All that power and performance – plus the weight – meant the RS 6 returned just 23.1mpg on test. Compared with the Porsche’s 27.9mpg figure, it means you’ll spend an extra £519 in fuel a year, at £3,016.
Our experts predict the Audi will retain 51.8 per cent of its list price compared with 52.2 per cent for the Panamera. But while the Audi might be worth less after three years/36,000 miles (£56,602 vs £63,674 for the Panamera) it will also depreciate less, at £52,648. The Sport Turismo will lose £58,261.
Testers’ notes: “The standard sports exhaust gives a little more presence and there’s a nice V8 rumble at low and mid revs, but higher up the rev range in the sportier driving modes it sounds synthesised from inside.”
Porsche Panamera Sport Turismo
|Model:||Porsche Panamera Turbo Sport Turismo|
|Engine:||4.0-litre twin-turbo V8, 542bhp|
|Annual road tax:||£465|
The Panamera Turbo Sport Turismo is a natural rival for the Audi RS 6, as the specs show, but it’s pricier, as we’ve already seen. Is it worth the extra?
Design & engineering
Porsche’s Panamera Turbo Sport Turismo uses the same basic engine as the RS 6. It’s the twin-turbo 4.0-litre V8 used by many Volkswagen Group brands, but here in the Panamera there’s no 48-volt mild-hybrid system.
The unit produces 542bhp and 770Nm of torque, so it’s 50bhp and 30Nm down on the Audi, but the Porsche is a little lighter, so performance should be similarly quick. There’s four-wheel drive, too, with double-wishbone front suspension and a multi-link rear axle. The Panamera has an eight-speed dual-clutch auto gearbox, against the Audi’s conventional auto.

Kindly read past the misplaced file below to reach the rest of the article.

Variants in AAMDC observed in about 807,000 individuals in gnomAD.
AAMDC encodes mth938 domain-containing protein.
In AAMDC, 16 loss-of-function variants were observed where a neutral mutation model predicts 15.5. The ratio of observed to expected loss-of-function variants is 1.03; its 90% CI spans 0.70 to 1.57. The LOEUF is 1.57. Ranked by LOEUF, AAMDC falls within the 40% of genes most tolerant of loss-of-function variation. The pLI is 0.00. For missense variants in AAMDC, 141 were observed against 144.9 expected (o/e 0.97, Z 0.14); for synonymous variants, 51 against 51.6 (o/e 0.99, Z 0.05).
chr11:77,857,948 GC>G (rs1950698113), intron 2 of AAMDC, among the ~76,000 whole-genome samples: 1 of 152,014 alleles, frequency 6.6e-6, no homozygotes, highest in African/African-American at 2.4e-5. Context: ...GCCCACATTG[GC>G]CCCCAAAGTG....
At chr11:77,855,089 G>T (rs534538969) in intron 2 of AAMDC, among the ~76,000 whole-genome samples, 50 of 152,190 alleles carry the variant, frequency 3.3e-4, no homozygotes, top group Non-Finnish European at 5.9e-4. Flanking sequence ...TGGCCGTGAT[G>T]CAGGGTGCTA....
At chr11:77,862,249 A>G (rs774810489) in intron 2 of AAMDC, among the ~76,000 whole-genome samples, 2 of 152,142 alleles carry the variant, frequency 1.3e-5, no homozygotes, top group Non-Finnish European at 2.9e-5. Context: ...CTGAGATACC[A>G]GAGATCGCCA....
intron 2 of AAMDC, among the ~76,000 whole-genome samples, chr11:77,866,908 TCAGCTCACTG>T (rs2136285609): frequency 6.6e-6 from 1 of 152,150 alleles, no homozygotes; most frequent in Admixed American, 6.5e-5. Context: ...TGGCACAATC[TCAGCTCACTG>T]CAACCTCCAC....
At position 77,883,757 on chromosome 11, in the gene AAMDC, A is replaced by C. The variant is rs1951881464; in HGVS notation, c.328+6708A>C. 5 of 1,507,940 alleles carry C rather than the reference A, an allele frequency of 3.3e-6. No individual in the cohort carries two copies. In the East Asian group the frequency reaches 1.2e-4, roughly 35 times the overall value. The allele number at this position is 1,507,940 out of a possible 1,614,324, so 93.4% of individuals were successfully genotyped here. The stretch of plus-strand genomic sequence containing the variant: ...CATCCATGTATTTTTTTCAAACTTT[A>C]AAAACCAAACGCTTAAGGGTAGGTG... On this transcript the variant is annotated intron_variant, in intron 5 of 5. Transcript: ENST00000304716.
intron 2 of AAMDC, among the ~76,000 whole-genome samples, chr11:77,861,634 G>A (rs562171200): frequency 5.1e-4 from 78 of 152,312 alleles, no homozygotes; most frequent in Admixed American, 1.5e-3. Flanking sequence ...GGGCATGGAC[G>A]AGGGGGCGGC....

The Panamera sits on Porsche’s MSB platform, which underpins this Sport Turismo model and the Panamera hatch, unlike the RS 6, which uses the MLB evo architecture. Also, unlike the RS 6, Porsche’s clever active rear diff is part of a £3,527 pack that features active roll control (as on the Audi), although adaptive air suspension is standard here.
There’s cylinder deactivation, as in the Audi, while the Porsche features active aerodynamics, so there’s easily a level of tech to compete with the RS 6, even if a few more pieces are optional. A sports exhaust will cost you £2,313 and ceramic brakes come in at £6,707.
The interior feels more special than the Audi’s, while quality is slightly higher, too. It seems sportier because you sit lower in the car, but whereas the RS 6 shares its cabin with lower rungs of the A6 range, the Panamera is a more exclusive model, so this makes it feel a little more distinctive and individual.
The materials are lovely and the basic spec of this high-end model matches the Audi’s, with nav, a digital dash display, heated front and rear leather seats, front and rear parking sensors, cruise control, climate control, LED lights and keyless operation. Turbo models also get 20-inch alloy wheels.
Despite being down on power and torque, the Panamera’s performance is still exceptional. The launch control and incredible all-wheel-drive traction meant it sprinted from 0-60mph in 3.2 seconds; that’s incredibly quick for a family estate, even a high-end one.